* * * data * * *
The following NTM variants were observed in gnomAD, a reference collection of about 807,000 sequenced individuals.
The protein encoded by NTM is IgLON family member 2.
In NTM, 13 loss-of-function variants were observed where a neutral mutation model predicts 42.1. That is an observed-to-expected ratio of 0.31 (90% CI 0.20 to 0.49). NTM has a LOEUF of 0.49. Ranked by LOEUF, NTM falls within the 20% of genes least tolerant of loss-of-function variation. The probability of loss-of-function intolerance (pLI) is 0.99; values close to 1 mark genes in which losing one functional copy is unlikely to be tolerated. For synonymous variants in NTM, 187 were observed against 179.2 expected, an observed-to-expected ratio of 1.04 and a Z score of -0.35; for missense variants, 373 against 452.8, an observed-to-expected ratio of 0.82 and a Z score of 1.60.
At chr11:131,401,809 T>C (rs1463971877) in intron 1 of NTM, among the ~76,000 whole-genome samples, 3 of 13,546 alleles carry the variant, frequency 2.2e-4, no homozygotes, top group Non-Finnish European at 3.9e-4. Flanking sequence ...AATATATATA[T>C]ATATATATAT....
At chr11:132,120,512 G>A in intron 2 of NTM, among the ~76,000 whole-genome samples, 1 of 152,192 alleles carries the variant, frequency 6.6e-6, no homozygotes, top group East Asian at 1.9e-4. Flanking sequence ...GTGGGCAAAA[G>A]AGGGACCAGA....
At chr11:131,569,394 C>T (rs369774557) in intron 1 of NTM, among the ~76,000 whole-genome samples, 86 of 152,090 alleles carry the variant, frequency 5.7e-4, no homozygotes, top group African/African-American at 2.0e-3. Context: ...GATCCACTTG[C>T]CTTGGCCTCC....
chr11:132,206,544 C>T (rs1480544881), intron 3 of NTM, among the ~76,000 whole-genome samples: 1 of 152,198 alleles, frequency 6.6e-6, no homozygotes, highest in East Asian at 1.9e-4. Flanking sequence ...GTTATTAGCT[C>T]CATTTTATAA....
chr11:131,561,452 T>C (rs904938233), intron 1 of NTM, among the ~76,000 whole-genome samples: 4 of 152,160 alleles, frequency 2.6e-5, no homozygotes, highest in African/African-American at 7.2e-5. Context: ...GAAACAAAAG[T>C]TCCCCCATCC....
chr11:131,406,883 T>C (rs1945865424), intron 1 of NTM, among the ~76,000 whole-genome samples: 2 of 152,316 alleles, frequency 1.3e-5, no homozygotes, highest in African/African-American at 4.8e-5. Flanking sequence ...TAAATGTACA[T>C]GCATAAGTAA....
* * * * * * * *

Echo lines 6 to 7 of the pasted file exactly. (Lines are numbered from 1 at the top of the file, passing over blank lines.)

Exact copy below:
At chr11:131,569,394 C>T (rs369774557) in intron 1 of NTM, among the ~76,000 whole-genome samples, 86 of 152,090 alleles carry the variant, frequency 5.7e-4, no homozygotes, top group African/African-American at 2.0e-3. Context: ...GATCCACTTG[C>T]CTTGGCCTCC....
chr11:132,206,544 C>T (rs1480544881), intron 3 of NTM, among the ~76,000 whole-genome samples: 1 of 152,198 alleles, frequency 6.6e-6, no homozygotes, highest in East Asian at 1.9e-4. Flanking sequence ...GTTATTAGCT[C>T]CATTTTATAA....